President-elect Donald Trump made a lot of promises to Americans on the campaign trail. Yes, he proposed building a wall on the Mexican border and blocking certain groups from immigrating to the United States, but none were more important to voters than how the candidate would impact their money.
Trump believes his economic plans will double U.S. growth, which is currently at 2.9 percent. He plans to focus on cutting taxes for the rich, increasing government spending, and negotiate better trade deals with foreign countries. If necessary, he has even suggested imposing tariffs on imports of goods to the United States.
Republicans will control the Senate and House of Representatives, so the next president may find it easier to get things done, especially at first. Here are a few of the promises made during Trump’s campaign.
The foundation of the United States is firm and its economy is strengthening. Unemployment numbers cannot get much better than current levels. Wage growth may be a more valuable measure of economic health. Infrastructure spending of $500 billion may help by boosting productivity of Americans in the long-term.
Education and Family
- Require paid maternity leave for 6 weeks.
- Make child care expenses tax deductible.
- Allow “dependent care savings accounts.”
- When it comes to healthcare, any president faces an aging population and rising costs of new medical technology. Trump plans to repeal the Affordable Care Act and replace it with something different.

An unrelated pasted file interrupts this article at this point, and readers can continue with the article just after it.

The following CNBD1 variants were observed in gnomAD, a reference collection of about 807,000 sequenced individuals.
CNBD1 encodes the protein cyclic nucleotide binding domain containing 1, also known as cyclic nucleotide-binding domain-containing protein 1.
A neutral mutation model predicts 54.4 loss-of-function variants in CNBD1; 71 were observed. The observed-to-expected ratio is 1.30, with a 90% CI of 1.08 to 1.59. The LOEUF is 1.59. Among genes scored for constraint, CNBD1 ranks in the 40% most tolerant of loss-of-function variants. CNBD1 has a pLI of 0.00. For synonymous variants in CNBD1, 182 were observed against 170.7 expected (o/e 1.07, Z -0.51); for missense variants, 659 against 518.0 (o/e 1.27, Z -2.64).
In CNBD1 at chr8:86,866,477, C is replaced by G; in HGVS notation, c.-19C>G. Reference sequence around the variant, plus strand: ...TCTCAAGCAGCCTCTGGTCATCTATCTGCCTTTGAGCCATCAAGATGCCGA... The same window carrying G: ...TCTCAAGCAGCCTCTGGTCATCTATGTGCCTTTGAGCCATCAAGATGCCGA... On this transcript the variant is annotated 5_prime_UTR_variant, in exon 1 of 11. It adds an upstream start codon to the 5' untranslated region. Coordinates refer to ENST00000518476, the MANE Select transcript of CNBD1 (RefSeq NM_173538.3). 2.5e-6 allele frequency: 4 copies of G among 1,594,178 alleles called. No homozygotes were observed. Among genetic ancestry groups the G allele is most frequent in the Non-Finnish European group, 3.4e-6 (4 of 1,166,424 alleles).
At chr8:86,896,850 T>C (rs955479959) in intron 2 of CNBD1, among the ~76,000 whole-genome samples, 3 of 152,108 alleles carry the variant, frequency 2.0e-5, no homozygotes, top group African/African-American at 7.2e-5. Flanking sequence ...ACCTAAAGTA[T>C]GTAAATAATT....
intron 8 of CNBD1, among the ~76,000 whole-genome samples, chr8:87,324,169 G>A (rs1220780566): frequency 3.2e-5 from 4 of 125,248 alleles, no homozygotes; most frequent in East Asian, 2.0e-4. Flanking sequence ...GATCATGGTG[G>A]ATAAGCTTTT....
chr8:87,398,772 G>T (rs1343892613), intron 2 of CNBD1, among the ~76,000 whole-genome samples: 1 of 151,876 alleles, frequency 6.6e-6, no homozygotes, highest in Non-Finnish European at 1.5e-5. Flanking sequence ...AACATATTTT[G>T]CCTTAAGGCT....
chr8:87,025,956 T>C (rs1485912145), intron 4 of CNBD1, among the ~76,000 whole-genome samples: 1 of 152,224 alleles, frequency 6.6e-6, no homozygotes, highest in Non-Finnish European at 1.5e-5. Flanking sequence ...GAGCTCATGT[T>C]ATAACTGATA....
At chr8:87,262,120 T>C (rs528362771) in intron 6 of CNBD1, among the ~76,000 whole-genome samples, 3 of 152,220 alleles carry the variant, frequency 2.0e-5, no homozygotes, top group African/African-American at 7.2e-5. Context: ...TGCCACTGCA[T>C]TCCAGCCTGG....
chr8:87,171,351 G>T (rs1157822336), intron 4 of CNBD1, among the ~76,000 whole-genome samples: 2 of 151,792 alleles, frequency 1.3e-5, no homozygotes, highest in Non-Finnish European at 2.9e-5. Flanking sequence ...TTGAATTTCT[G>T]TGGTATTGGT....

- Make health insurance premiums tax deductible.
- Encourage health insurance to be sold across state lines (something already allowed by federal law).
- Allow imports of foreign drugs where prices are cheaper.
- Trump has proposed many changes to the tax code. The greatest impact will be on the top one percent of earners who are estimated to save about $100,000 in taxes every year.
- Increase the standard deduction to $30,000 for joint filers from its current level of $12,600.
- Eliminate the personal exemption of $4,050 per dependent that parents use.
- Eliminate estate tax.
- Eliminate alternative minimum tax.
- Lower corporate tax to 15 percent.
In the coming months very little should change. Increased government spending on infrastructure combined with tax cuts roughly the same size could boost growth in the coming year or two. It would also increase the national debt significantly. This could depress the value of existing bonds as interest rates rise on U.S. debt.
If we raise tariffs and other countries do the same then global trade could decrease and the cost of goods could rise. Less trade would also decrease profitability for U.S. exporters. This could even cost workers their jobs.
Our advice? Vote with your ballot, not your portfolio. Think of all the missed opportunity if one withdrew whenever there was uncertainty. Whether your favored candidates were elected or not, we want to reinforce the importance of sticking to your long-term plans.